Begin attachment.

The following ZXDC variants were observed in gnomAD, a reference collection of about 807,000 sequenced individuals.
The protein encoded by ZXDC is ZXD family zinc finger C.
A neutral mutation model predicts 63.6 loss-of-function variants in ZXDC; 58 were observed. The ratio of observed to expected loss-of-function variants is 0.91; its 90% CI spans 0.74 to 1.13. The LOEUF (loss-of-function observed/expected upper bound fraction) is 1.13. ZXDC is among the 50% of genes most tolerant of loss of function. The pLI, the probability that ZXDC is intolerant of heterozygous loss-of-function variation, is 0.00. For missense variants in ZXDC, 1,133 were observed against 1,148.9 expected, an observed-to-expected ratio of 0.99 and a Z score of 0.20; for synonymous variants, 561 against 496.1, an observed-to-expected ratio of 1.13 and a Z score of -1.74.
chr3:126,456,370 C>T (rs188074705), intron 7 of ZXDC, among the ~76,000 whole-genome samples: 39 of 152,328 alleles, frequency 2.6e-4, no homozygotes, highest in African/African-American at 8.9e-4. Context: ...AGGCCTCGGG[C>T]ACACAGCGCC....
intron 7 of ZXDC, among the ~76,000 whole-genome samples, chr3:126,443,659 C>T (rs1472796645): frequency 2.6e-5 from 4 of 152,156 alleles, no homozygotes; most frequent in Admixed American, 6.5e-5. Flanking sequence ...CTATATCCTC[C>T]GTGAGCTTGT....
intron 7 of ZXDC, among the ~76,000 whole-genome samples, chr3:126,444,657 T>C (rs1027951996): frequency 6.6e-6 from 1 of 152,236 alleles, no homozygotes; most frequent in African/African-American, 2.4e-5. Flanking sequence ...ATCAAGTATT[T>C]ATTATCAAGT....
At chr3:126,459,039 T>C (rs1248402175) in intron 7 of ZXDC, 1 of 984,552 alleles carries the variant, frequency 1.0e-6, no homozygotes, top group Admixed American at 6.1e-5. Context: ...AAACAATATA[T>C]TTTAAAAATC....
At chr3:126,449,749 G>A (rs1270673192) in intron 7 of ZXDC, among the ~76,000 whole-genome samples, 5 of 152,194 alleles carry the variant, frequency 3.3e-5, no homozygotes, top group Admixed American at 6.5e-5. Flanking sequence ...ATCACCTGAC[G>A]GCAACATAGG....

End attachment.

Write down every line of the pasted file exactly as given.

The following ZXDC variants were observed in gnomAD, a reference collection of about 807,000 sequenced individuals.
The protein encoded by ZXDC is ZXD family zinc finger C.
A neutral mutation model predicts 63.6 loss-of-function variants in ZXDC; 58 were observed. The ratio of observed to expected loss-of-function variants is 0.91; its 90% CI spans 0.74 to 1.13. The LOEUF (loss-of-function observed/expected upper bound fraction) is 1.13. ZXDC is among the 50% of genes most tolerant of loss of function. The pLI, the probability that ZXDC is intolerant of heterozygous loss-of-function variation, is 0.00. For missense variants in ZXDC, 1,133 were observed against 1,148.9 expected, an observed-to-expected ratio of 0.99 and a Z score of 0.20; for synonymous variants, 561 against 496.1, an observed-to-expected ratio of 1.13 and a Z score of -1.74.
chr3:126,456,370 C>T (rs188074705), intron 7 of ZXDC, among the ~76,000 whole-genome samples: 39 of 152,328 alleles, frequency 2.6e-4, no homozygotes, highest in African/African-American at 8.9e-4. Context: ...AGGCCTCGGG[C>T]ACACAGCGCC....
intron 7 of ZXDC, among the ~76,000 whole-genome samples, chr3:126,443,659 C>T (rs1472796645): frequency 2.6e-5 from 4 of 152,156 alleles, no homozygotes; most frequent in Admixed American, 6.5e-5. Flanking sequence ...CTATATCCTC[C>T]GTGAGCTTGT....
intron 7 of ZXDC, among the ~76,000 whole-genome samples, chr3:126,444,657 T>C (rs1027951996): frequency 6.6e-6 from 1 of 152,236 alleles, no homozygotes; most frequent in African/African-American, 2.4e-5. Flanking sequence ...ATCAAGTATT[T>C]ATTATCAAGT....
At chr3:126,459,039 T>C (rs1248402175) in intron 7 of ZXDC, 1 of 984,552 alleles carries the variant, frequency 1.0e-6, no homozygotes, top group Admixed American at 6.1e-5. Context: ...AAACAATATA[T>C]TTTAAAAATC....
At chr3:126,449,749 G>A (rs1270673192) in intron 7 of ZXDC, among the ~76,000 whole-genome samples, 5 of 152,194 alleles carry the variant, frequency 3.3e-5, no homozygotes, top group Admixed American at 6.5e-5. Flanking sequence ...ATCACCTGAC[G>A]GCAACATAGG....